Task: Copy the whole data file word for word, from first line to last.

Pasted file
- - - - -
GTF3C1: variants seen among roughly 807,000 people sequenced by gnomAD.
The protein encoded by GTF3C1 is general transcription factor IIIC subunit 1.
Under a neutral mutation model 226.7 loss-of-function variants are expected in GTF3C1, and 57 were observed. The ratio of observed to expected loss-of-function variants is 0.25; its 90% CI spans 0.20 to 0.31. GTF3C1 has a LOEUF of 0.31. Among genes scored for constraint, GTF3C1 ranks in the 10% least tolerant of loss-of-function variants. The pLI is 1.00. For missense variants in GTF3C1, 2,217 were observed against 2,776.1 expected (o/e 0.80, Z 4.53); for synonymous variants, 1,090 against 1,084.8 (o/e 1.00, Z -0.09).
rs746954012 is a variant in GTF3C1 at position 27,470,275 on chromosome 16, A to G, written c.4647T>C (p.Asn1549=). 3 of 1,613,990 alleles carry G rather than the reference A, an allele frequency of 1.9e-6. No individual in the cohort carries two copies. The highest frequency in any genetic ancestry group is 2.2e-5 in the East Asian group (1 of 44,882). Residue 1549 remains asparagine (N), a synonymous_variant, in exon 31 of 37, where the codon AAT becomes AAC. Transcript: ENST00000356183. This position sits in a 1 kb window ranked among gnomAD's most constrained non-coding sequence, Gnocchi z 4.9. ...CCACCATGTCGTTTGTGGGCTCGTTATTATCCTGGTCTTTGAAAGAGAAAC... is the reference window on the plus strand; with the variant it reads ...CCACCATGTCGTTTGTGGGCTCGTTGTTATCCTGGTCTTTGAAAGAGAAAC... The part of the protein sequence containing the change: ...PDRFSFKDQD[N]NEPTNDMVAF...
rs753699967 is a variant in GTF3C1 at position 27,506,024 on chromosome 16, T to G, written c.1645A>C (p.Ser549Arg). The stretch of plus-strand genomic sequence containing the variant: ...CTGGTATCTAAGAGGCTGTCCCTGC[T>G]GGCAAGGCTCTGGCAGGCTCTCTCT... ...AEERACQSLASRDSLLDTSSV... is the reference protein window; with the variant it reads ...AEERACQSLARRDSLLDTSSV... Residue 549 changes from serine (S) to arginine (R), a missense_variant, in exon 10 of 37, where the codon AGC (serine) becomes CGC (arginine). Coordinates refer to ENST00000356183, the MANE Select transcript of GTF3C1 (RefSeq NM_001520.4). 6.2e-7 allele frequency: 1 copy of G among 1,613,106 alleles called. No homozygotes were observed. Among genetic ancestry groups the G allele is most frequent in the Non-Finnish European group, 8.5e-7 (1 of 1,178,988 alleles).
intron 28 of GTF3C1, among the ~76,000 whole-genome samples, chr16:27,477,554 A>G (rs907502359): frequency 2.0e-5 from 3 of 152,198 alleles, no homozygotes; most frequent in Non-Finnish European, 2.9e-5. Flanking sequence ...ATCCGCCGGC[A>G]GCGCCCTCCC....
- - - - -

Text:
GTF3C1: variants seen among roughly 807,000 people sequenced by gnomAD.
The protein encoded by GTF3C1 is general transcription factor IIIC subunit 1.
Under a neutral mutation model 226.7 loss-of-function variants are expected in GTF3C1, and 57 were observed. The ratio of observed to expected loss-of-function variants is 0.25; its 90% CI spans 0.20 to 0.31. GTF3C1 has a LOEUF of 0.31. Among genes scored for constraint, GTF3C1 ranks in the 10% least tolerant of loss-of-function variants. The pLI is 1.00. For missense variants in GTF3C1, 2,217 were observed against 2,776.1 expected (o/e 0.80, Z 4.53); for synonymous variants, 1,090 against 1,084.8 (o/e 1.00, Z -0.09).
rs746954012 is a variant in GTF3C1 at position 27,470,275 on chromosome 16, A to G, written c.4647T>C (p.Asn1549=). 3 of 1,613,990 alleles carry G rather than the reference A, an allele frequency of 1.9e-6. No individual in the cohort carries two copies. The highest frequency in any genetic ancestry group is 2.2e-5 in the East Asian group (1 of 44,882). Residue 1549 remains asparagine (N), a synonymous_variant, in exon 31 of 37, where the codon AAT becomes AAC. Transcript: ENST00000356183. This position sits in a 1 kb window ranked among gnomAD's most constrained non-coding sequence, Gnocchi z 4.9. ...CCACCATGTCGTTTGTGGGCTCGTTATTATCCTGGTCTTTGAAAGAGAAAC... is the reference window on the plus strand; with the variant it reads ...CCACCATGTCGTTTGTGGGCTCGTTGTTATCCTGGTCTTTGAAAGAGAAAC... The part of the protein sequence containing the change: ...PDRFSFKDQD[N]NEPTNDMVAF...
rs753699967 is a variant in GTF3C1 at position 27,506,024 on chromosome 16, T to G, written c.1645A>C (p.Ser549Arg). The stretch of plus-strand genomic sequence containing the variant: ...CTGGTATCTAAGAGGCTGTCCCTGC[T>G]GGCAAGGCTCTGGCAGGCTCTCTCT... ...AEERACQSLASRDSLLDTSSV... is the reference protein window; with the variant it reads ...AEERACQSLARRDSLLDTSSV... Residue 549 changes from serine (S) to arginine (R), a missense_variant, in exon 10 of 37, where the codon AGC (serine) becomes CGC (arginine). Coordinates refer to ENST00000356183, the MANE Select transcript of GTF3C1 (RefSeq NM_001520.4). 6.2e-7 allele frequency: 1 copy of G among 1,613,106 alleles called. No homozygotes were observed. Among genetic ancestry groups the G allele is most frequent in the Non-Finnish European group, 8.5e-7 (1 of 1,178,988 alleles).
intron 28 of GTF3C1, among the ~76,000 whole-genome samples, chr16:27,477,554 A>G (rs907502359): frequency 2.0e-5 from 3 of 152,198 alleles, no homozygotes; most frequent in Non-Finnish European, 2.9e-5. Flanking sequence ...ATCCGCCGGC[A>G]GCGCCCTCCC....